M:To change the topic. I noticed you paint UFOs.
W: It is more rockets. Space vehicles or something. It is the science fiction that influences me.
M: What kind of science fiction?
W: This whole real space thing is boring. But the science fiction space, Star Wars and Star Trek and all those comics, that are just full of visions of stuff. It’s not so much about the space travel and the logical aspects but the social implications. Many science fiction authors depicting different futures. Nearly every space related science fiction always has this one humanity, there’s no more countries. It is also about this thing, if there were aliens, it could unify humanity. Us and them. It would be the same cruelty but at least it would bring humanity together. Obviously it would be nice if we wouldn’t need aliens and we could think about the Universe itself as one.
M: You use markers and common items and objects, why?
W: At first, I was always thinking that I wanted to save money but it is more about there’s so much stuff available to realize ideas with. It kind of seems irrational to try to. In other words, it felt stupid to set the bar so high to say I need this and that, so specific to realize the work. Whereas I can take whatever is there and do what I need. When I look at something, I know what it is meant to be. Even though, of course it doesn’t work. This is “art”! There is no perfect. There can’t be because If you reach perfection, there is no reason to continue. The journey is the path. When I take that and look at my work, I shouldn’t worry about the level of perfection, I should just do. Good material, bad material, it is just material. If you work with colours, you don’t need the expensive colours.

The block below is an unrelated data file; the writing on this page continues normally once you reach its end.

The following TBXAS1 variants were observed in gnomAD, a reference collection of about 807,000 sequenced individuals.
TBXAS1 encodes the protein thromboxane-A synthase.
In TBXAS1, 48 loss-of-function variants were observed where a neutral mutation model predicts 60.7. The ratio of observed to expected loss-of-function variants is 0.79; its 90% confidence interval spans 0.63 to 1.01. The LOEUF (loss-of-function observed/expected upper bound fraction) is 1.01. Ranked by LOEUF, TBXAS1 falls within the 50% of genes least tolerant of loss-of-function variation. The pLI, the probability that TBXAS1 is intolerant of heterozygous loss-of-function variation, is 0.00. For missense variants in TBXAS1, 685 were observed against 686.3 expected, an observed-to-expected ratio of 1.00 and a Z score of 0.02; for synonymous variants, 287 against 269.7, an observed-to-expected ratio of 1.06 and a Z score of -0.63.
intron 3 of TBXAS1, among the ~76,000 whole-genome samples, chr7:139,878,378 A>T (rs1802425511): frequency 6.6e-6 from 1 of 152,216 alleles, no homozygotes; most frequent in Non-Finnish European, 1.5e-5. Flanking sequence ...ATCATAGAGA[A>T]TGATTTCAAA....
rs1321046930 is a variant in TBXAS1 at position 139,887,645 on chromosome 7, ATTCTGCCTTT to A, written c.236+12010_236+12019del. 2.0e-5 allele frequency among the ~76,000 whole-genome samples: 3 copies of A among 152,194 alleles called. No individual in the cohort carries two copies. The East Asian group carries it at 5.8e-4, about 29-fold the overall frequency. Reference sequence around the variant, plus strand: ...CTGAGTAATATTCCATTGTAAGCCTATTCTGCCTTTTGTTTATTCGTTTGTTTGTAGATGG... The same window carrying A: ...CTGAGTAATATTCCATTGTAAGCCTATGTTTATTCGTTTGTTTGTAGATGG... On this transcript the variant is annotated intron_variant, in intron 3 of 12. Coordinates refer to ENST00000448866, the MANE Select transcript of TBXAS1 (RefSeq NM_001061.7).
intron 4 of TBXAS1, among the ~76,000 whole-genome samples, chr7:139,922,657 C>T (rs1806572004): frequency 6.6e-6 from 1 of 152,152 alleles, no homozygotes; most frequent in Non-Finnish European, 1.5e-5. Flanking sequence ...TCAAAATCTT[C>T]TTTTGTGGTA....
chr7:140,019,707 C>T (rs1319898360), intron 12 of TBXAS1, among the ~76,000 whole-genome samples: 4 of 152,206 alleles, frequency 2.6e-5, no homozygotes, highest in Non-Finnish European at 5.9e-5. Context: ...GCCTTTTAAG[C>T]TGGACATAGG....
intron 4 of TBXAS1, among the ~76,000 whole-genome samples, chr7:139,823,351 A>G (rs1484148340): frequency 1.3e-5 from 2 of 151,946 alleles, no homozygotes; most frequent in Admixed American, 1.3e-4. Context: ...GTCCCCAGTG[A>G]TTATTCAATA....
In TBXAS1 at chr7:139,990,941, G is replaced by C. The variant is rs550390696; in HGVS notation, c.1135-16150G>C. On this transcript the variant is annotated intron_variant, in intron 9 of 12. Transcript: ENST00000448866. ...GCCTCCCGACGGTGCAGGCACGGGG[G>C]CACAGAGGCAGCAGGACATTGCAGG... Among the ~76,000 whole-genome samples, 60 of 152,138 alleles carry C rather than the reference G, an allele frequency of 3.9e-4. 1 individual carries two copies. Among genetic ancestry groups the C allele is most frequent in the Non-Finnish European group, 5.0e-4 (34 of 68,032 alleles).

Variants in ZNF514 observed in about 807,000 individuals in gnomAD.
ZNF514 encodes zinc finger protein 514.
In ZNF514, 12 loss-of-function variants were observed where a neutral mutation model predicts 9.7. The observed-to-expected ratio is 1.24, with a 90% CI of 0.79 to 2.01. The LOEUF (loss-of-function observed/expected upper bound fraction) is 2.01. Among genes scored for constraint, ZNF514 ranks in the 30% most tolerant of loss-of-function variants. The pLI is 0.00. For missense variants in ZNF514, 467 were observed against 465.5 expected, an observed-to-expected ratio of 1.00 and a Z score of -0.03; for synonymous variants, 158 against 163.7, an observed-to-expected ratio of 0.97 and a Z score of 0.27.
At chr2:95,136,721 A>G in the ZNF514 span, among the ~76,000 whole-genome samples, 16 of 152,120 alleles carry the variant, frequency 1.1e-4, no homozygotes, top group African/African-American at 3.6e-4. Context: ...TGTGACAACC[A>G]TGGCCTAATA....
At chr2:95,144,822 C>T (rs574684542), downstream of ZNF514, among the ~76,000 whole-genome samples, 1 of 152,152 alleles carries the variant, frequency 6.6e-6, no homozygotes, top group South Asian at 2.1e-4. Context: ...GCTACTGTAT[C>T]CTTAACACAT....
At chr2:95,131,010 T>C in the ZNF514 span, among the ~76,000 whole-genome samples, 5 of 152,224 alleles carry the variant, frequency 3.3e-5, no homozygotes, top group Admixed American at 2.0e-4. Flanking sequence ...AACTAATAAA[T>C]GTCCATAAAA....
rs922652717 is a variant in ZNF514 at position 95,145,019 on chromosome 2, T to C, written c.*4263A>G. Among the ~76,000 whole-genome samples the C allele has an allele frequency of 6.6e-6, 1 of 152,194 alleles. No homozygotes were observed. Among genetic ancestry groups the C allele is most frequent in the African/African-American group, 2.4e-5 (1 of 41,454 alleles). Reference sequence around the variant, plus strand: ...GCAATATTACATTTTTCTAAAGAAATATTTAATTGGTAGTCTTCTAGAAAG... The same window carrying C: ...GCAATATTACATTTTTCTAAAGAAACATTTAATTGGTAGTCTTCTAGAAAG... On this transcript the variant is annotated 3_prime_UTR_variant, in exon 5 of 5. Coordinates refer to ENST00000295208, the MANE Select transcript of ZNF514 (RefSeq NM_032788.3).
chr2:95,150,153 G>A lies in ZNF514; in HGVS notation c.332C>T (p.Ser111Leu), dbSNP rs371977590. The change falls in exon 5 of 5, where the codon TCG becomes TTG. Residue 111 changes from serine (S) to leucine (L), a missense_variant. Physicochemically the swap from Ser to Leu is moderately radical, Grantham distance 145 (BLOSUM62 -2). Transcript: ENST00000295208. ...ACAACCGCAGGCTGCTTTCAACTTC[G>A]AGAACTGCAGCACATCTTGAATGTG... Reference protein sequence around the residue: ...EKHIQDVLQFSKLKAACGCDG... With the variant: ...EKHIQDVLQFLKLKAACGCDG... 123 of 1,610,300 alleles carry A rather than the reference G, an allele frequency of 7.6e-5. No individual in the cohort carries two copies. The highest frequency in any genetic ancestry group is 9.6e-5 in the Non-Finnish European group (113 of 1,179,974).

M: Last question, what does using found material mean to you?
W: I think timing is important. There is always this level of when the artwork is realized. It is flying in your head. You cannot really grasp it. You can obviously put it too fast, you can put it out way too late. Putting it out too late would be overthinking. Putting it out too fast would be just rushing, not enough thought put into it. So, immediacy is important whenever I decide that now is the point of doing it; I need everything else to be prepared. So I can just be like “Now, I want to draw” and take everything I need which is paper and pen. “Now I want to paint”. To paint I need colour and paint and I don’t need canvases, I can just take anything. By lowering the bar with the canvas part, I get so much more created.
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You can spot Tess Martens performing with all her heart during karaoke night because she has to compensate for her singing voice or cracking jokes at a music open mic night. She is a performance artist and painter that exploits her vulnerabilities and humour. When she is not doing art, she is working with seniors. She recently received her Masters of Fine Art at the University of Waterloo. She now resides in Waterloo, Ontario. Follow Tess on Instagram.